Butternut Squash Risotto
Okay, this is probably the last post I’ll be making to clear out my old photos taken with my Canon PowerShot S400. (I want to post only better photos taken with my new 30D from now on.)
When we were visiting Dave’s mother, Barbara, she suggested that we make some butternut squash risotto, having been inspired when she saw my link to the Frankenstein’s Butternut Squash Risotto posted on Scrumptious Street a while back.
But we didn’t really have any computer access at her place, so we had to throw together our own recipe. It came out very different than I imagine Stephanie’s must have been, but also very delicious.
After we went home and made it again several days later, I knew I had to share the recipe with you.
If you are already familiar with making risotto, a few things about my recipe may jump out at you as, oh, wrong. Around here I prefer to call them different. My understanding is that in a traditional risotto, the onions are never browned, because the color would be inappropriate. But I think browned onions are tastier, the darker the better, so I do them that way. As you can see, they melted into the risotto and didn’t stand out as weird-looking anyways.
Also, most risotto recipes call for it to be finished with some sort of cheese. As Dave does not eat cheese, this step was edited out. I considered finishing it with cream instead, but the extra bit of stock at the end, along with that last bit of butter, really did the trick.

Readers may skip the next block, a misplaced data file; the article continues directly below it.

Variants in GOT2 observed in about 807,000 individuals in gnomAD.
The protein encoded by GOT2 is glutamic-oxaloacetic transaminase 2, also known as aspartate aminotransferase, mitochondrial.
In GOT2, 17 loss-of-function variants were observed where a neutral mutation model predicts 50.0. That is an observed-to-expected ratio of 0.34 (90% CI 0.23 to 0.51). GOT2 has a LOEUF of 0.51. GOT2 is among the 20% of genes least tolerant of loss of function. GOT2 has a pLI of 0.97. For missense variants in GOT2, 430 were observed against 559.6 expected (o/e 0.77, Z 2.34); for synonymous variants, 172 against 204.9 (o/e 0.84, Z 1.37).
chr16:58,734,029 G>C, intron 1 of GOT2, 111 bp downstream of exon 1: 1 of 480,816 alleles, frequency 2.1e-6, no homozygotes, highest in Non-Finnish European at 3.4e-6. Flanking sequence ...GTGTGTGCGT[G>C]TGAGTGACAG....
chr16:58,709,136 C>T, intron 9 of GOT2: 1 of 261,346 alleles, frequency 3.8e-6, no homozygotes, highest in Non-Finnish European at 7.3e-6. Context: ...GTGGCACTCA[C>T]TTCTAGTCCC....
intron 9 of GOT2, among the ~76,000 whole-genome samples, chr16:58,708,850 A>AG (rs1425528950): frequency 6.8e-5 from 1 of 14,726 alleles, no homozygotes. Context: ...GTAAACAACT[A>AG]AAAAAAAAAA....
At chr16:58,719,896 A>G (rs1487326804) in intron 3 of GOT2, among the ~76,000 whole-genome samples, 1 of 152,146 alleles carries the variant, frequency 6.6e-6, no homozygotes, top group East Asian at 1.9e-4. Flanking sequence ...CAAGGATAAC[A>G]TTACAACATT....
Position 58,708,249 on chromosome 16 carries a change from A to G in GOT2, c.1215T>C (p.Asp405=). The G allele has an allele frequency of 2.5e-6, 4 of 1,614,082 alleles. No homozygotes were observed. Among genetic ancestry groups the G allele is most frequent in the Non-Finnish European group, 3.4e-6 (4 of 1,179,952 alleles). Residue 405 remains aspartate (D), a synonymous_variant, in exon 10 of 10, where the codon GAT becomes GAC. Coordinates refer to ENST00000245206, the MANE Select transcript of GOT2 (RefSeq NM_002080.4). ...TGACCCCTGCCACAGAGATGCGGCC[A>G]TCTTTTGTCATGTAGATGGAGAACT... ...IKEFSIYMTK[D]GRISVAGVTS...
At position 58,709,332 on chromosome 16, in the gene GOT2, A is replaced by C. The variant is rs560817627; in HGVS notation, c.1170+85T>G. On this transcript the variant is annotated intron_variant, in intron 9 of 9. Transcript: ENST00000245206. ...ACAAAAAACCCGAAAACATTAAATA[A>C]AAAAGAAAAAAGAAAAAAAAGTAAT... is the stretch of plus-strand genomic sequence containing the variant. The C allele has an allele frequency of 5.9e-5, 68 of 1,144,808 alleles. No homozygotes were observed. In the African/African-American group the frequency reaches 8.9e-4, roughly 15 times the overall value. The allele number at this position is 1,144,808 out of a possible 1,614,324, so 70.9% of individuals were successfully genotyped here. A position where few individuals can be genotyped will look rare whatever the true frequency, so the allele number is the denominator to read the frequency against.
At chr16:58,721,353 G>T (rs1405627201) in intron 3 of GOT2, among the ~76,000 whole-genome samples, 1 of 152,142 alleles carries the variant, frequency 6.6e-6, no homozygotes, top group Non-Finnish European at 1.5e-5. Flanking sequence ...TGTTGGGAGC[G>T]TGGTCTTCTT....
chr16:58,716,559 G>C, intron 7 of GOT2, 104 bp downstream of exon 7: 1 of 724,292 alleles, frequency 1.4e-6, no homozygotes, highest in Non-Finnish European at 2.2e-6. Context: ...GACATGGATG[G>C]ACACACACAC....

Butternut Squash Risotto
Approximately 5 C chicken stock
A splash of white wine
3 tbsp unsalted butter
1 tbsp olive oil
1/3 C finely minced onion
1 large shallot, finely minced
1 1/2 C arborio rice
1 tbsp lemon juice
1 tbsp finely minced fresh parsley
3/4 C roasted butternut squash puree
1 C butternut squash 1″ cubes, roasted
Salt and pepper to taste
Peel and seed the squash, then cut it into 1″ cubes, and roast it until it is dark and sweet. This seems to take a different amount of time every time I do it, so just check in on it once in a while and take it out when you’re happy with it. It can go a long time before it burns, so don’t worry too much. Keep 1 C of the cubes, and create 3/4 C puree.
Bring the stock to a simmer and keep it warm.
Melt 1 tbsp butter until it starts to sizzle, then add the onion and shallot and brown them nice and dark. Risotto recipes typically ask that you saute your onions until they are soft but not browned, but if you listen to me and brown them, you’ll add great depth of flavor. They end up melting into the risotto and don’t even stand out unappealingly, as you can see from the photo.
Once they are browned, add another 1 tbsp butter and 1 tbsp oil, along with some salt and black pepper to taste. When the butter has melted, add the rice, and stir to coat.
Add a splash of white wine and stir until it is absorbed.
Start adding the stock a ladleful at a time, stirring after each ladleful until it is absorbed before adding more. Once the rice reaches a texture you like (yes, taste it as you go!), turn off the heat. Stir in the squash, lemon juice, and parsley, then add another small ladleful of the stock. Finish the risotto by stirring in that last 1 tbsp butter.